Stepwise practice of breathing and its awareness with respect to space, time, and count can allow a mindfulness exercise to mature into a steady meditation practice. Such a breathing practice yields a control of subtle movement and subsequent pause of the vital energy, better known as pranayama by the Yogasutra literature. When this mindful breath of prāṇāyāma is mastered, mind regains the ability to be one-pointed and meditation takes hold. Such a spontaneous oncoming of a meditation practice is said to be neutral as in quintessential yoga free from ideology and beliefs. This approach requires no preconditions and is very suitable for beginners but is amenable for regular practitioners alike.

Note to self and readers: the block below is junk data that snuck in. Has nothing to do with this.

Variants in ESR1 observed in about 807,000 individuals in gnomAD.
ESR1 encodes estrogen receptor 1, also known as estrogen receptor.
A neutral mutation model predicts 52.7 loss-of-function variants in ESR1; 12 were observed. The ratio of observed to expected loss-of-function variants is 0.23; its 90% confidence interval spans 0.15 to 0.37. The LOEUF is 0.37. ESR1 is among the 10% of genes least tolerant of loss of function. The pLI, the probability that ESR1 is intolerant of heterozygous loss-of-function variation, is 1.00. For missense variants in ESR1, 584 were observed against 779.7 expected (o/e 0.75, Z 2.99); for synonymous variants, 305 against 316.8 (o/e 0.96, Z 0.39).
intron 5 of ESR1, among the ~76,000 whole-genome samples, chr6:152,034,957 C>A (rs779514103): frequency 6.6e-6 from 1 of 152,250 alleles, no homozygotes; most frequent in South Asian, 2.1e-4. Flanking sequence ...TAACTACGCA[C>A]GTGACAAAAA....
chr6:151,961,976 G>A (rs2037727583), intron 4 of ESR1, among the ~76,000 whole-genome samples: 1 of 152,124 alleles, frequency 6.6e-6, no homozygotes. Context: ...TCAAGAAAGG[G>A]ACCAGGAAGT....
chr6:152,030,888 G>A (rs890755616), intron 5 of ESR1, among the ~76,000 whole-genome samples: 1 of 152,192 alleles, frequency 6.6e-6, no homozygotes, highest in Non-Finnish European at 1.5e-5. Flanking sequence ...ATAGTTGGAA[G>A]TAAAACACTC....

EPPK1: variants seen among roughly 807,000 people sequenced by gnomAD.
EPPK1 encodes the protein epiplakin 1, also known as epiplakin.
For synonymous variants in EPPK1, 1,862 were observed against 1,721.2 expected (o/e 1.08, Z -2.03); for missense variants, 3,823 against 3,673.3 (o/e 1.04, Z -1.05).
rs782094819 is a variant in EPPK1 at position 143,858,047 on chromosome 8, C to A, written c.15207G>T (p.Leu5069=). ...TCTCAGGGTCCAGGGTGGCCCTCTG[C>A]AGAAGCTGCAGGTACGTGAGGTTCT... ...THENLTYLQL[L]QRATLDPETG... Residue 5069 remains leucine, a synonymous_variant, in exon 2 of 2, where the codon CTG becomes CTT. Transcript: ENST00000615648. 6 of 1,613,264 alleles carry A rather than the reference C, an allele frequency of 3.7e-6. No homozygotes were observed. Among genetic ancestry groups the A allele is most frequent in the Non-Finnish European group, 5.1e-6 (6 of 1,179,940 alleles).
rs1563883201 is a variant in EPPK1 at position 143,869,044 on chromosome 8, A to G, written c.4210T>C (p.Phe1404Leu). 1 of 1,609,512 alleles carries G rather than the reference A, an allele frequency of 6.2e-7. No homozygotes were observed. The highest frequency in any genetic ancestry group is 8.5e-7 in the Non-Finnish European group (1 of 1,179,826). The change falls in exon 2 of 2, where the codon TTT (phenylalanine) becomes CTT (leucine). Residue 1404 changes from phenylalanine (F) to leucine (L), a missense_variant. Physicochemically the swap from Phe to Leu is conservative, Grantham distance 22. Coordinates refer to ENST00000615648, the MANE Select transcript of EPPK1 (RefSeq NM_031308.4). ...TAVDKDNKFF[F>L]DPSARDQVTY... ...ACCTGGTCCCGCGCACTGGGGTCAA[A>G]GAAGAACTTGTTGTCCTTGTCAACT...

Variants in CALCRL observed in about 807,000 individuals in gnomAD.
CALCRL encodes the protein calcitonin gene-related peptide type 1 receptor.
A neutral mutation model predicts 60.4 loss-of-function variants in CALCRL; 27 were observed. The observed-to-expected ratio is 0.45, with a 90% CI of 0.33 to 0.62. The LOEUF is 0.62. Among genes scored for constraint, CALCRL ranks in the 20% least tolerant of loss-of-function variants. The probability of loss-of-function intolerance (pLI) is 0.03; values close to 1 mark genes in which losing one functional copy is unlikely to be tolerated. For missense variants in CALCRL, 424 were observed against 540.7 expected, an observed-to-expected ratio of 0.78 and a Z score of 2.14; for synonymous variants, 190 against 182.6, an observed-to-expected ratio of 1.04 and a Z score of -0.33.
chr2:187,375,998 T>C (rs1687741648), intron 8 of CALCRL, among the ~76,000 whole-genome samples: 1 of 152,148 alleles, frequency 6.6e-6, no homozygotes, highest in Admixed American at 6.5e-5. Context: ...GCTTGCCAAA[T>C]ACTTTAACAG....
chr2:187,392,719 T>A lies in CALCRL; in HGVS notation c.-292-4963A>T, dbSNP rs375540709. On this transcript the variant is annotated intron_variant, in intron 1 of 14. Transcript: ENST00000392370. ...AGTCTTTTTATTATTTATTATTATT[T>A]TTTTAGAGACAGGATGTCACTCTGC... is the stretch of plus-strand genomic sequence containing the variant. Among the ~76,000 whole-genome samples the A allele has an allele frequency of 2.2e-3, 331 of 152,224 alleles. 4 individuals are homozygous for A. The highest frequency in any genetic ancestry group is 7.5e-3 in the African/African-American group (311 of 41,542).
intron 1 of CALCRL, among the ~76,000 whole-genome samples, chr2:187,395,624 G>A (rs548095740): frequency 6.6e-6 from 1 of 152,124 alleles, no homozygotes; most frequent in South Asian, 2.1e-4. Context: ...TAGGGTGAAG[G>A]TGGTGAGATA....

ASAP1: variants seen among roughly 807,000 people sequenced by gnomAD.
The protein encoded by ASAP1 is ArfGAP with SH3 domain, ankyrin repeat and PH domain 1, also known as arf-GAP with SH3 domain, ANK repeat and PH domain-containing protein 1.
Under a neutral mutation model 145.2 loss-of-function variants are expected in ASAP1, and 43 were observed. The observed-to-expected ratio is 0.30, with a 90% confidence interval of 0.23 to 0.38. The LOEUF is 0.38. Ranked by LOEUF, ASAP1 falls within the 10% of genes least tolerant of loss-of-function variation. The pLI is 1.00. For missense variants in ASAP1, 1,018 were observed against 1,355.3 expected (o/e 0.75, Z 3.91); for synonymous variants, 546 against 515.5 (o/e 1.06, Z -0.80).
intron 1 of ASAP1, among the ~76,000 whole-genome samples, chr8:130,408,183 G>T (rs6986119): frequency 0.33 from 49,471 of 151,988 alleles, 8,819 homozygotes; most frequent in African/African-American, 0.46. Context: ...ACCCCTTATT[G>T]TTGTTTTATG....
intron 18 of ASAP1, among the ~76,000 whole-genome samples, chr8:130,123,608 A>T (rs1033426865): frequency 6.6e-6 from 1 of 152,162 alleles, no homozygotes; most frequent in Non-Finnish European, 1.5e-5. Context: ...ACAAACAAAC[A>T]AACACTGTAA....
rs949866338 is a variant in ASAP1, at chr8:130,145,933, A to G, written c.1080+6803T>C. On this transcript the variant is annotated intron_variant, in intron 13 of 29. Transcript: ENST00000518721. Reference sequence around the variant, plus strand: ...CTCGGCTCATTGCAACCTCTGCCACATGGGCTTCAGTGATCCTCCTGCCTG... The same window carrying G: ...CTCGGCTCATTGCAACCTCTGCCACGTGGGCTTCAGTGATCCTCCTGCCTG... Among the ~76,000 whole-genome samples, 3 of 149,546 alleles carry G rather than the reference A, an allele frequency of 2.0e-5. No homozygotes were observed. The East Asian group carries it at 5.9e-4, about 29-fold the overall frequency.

The teachings and the practice are based on Patanjali Yogasutra teaching of Chapter 2, sutra 50. There are three considerations, based on space, time and number. Practice based on time and number are introduced after the breath is observed properly, repeatedly with respect to space. Once each practice consideration – based on breath felt in space, measured in time, and counted in increasing numbers – is well practiced, then all three considerations are combined. When this combined practice takes hold, mindfulness is said to directly mature into an effortless meditation practice that is free from distraction. Moreover pranayama breathing technique is learnt correctly.